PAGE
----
September is Suicide Prevention Month. Every 15 minutes someone in the United States takes his or her own life. And for every one suicide, there are 25 attempts. Suicide takes life without regard to age, income, education, social standing, race, or gender. Overall, suicide is the 10th leading cause of death for all Americans. The legacy of suicide continues long after the death, impacting bereaved loved ones and communities. Fortunately, there is strong evidence that a comprehensive public health approach is effective in reducing suicide rates. In fact, suicide rates have been declining among both American youth and elders for well over a decade, two groups on which the nation has focused most. It’s important to know the warning signs that help identify an individual who may be at immediate risk of taking their own life. For example, an individual may reveal the following information: • Talk of wanting to hurt or kill oneself • Unusual contemplation of death, dying, or suicide • Feelings of being trapped—like there’s no way out • Feelings of hopelessness or that there is no purpose in life • Withdrawal from friends, family, and society People at risk of suicide may also present with: • Increased alcohol or substance use • Anxiety/agitation • Rage/uncontrolled anger • Trouble sleeping or sleeping all the time • Dramatic mood changes, including sudden elevation in mood Half the population reports they have been touched by suicide. And, one out of three people say it has had a high impact on their lives. The National Suicide Prevention Lifeline provides 24/7 free confidential support for people in distress, prevention and crisis resources for you or your loved one, and resources for professionals. The National Suicide Prevention Lifeline # is 1-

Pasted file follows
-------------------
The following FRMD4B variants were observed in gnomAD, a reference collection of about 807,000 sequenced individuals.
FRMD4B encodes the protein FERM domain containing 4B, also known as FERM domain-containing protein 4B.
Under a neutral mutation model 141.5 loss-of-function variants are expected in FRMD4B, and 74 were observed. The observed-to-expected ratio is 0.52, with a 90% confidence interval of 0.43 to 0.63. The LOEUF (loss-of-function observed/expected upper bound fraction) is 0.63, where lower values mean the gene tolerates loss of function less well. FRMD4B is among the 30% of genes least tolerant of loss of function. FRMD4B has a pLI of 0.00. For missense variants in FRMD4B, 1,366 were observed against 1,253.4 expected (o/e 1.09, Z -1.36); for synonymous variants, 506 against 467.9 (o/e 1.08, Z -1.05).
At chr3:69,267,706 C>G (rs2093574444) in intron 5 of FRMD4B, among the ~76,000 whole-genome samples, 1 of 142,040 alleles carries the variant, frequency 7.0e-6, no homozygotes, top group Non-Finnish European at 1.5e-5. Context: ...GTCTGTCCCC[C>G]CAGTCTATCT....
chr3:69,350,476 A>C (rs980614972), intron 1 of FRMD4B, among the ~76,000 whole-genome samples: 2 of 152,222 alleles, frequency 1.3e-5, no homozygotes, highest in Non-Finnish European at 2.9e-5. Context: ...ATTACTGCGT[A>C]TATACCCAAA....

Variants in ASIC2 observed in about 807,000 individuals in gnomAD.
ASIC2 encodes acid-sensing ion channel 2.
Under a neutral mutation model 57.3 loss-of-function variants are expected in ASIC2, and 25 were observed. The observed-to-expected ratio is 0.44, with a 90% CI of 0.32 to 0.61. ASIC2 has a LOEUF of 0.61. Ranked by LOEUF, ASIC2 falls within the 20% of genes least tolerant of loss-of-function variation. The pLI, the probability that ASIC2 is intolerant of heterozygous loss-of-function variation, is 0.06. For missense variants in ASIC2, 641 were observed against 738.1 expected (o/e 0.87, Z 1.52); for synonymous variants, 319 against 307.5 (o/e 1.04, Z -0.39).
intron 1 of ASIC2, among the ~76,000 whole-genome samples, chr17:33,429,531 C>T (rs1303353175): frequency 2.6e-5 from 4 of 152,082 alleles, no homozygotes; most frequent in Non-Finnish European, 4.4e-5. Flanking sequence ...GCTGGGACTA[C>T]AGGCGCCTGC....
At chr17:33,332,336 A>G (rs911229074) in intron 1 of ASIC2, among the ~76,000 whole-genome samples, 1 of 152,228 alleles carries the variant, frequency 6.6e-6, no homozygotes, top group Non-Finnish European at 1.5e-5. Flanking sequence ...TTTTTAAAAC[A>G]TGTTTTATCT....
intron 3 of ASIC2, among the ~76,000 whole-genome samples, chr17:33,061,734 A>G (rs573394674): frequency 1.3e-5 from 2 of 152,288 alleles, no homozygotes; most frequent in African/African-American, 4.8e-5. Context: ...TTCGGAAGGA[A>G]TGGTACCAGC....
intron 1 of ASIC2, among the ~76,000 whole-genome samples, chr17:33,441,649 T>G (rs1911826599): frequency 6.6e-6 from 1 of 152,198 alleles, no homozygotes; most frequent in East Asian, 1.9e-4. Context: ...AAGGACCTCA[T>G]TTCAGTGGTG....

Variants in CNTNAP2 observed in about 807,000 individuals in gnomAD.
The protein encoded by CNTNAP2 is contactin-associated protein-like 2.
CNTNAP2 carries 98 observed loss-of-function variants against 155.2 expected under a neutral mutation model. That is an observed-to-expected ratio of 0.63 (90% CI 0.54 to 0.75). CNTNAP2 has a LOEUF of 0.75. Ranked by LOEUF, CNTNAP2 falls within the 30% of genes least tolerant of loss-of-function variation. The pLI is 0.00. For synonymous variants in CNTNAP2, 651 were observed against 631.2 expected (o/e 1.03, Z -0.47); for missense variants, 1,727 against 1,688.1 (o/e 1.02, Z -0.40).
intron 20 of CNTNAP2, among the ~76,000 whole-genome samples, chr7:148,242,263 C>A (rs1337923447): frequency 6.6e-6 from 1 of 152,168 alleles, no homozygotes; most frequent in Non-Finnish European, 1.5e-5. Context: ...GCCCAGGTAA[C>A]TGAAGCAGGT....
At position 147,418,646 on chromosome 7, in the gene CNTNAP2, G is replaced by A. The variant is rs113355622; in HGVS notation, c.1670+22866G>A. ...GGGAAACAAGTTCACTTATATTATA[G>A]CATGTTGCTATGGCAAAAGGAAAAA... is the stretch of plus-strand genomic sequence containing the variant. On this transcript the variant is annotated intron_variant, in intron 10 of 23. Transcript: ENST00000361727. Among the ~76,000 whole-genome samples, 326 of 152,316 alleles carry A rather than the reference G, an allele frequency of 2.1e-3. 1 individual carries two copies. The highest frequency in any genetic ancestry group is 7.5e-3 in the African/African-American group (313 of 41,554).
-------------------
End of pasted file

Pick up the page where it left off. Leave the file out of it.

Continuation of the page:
Six in 10 people with dementia will wander. A person with Alzheimer's may not remember his or her name or address, and can become disoriented, even in familiar places. Wandering among people with dementia is dangerous, but there are strategies and services to help prevent it. Anyone who has memory problems and is able to walk is at risk for wandering. Even in the early stages of dementia, a person can become disoriented or confused for a period of time. It's important to plan ahead for this type of situation. Be on the lookout for the following warning signs: Returns from a regular walk or drive later than usual Forgets how to get to familiar places. Talks about fulfilling former obligations, such as going to work Tries or wants to "go home," even when at home Is restless, paces or makes repetitive movements Has difficulty locating familiar places like the bathroom, bedroom or dining room Asks the whereabouts of past friends and family Acts as if doing a hobby or chore, but nothing gets done (e.g., moves around pots and dirt without actually planting anything) Acts nervous or anxious in crowded areas, such as shopping malls or restaurants. Wandering can happen, even if you are the most diligent of caregivers. Use the following strategies to help lower the chances: Having a routine can provide structure. Identify the most likely times of day that wandering may occur for your loved one and plan activities at that time. Activities and exercise can reduce anxiety, agitation and restlessness. If the person with dementia wants to leave to "go home" or "go to work," use communication that reassures them; refrain from correcting the person. For example, "We are staying here tonight. We are safe and I'll be with you. We can go home in the morning after a good night's rest." Has your loved one gone to the bathroom? Is he or she thirsty or hungry? Make sure all their basic needs are met. Avoid busy places that are confusing and can cause disorientation. This could be a shopping malls, grocery stores or other busy venues. Consider a “Wandering Prevention Device”. Locally, Niagara County Office for the Aging and the Niagara County Sheriff’s Department are partnering to provide a free device and monitoring for wandering prevention. According to Maggie Hempel, Case Manager/ Senior Services at Niagara County Office for the Aging, “I wish more people would take advantage of it. It keeps your loved one safe and gives you, the caregiver, peace of mind. It prevents the crisis from happening.” The first call is to Maggie Hempel at the Office for the Aging. She can be reached at 438-4036 or via email at Maggie.email@example.com. During a care consultation meeting, the risk of wandering is assessed. Maggie meets with caregivers of all ages who are caring for people with a memory deficiency – which can be caused by dementia, Alzheimer’s disease, traumatic brain injury, Parkinson’s disease, stroke, or other conditions. Then, arrangements are made with the Sheriff’s department for the device, which attaches to the wrist similar to a watch. It is easy to put on by the caregiver, but difficult to remove. Niagara County Sheriff’s Department can be reached at 438-3331. Ongoing monitoring is also provided. The Office for the Aging will assist the caregiver with set up, programming the monitoring range and setting up the phone alerts. The monitoring range establishes safety zones; when a loved one wanders beyond the safety zone, the designated caregiver receives a transmission on their phone that alerts them that their loved one is wandering. This is a great example of a partnership that is keeping the at-risk residents of the community safe. I agree with Maggie Hempel that it has the potential to prevent a crisis from happening. I hope that if you are a caregiver and your loved one is showing signs that he or she is at risk of wandering that you will call about the wandering prevention device and other caregiver services available.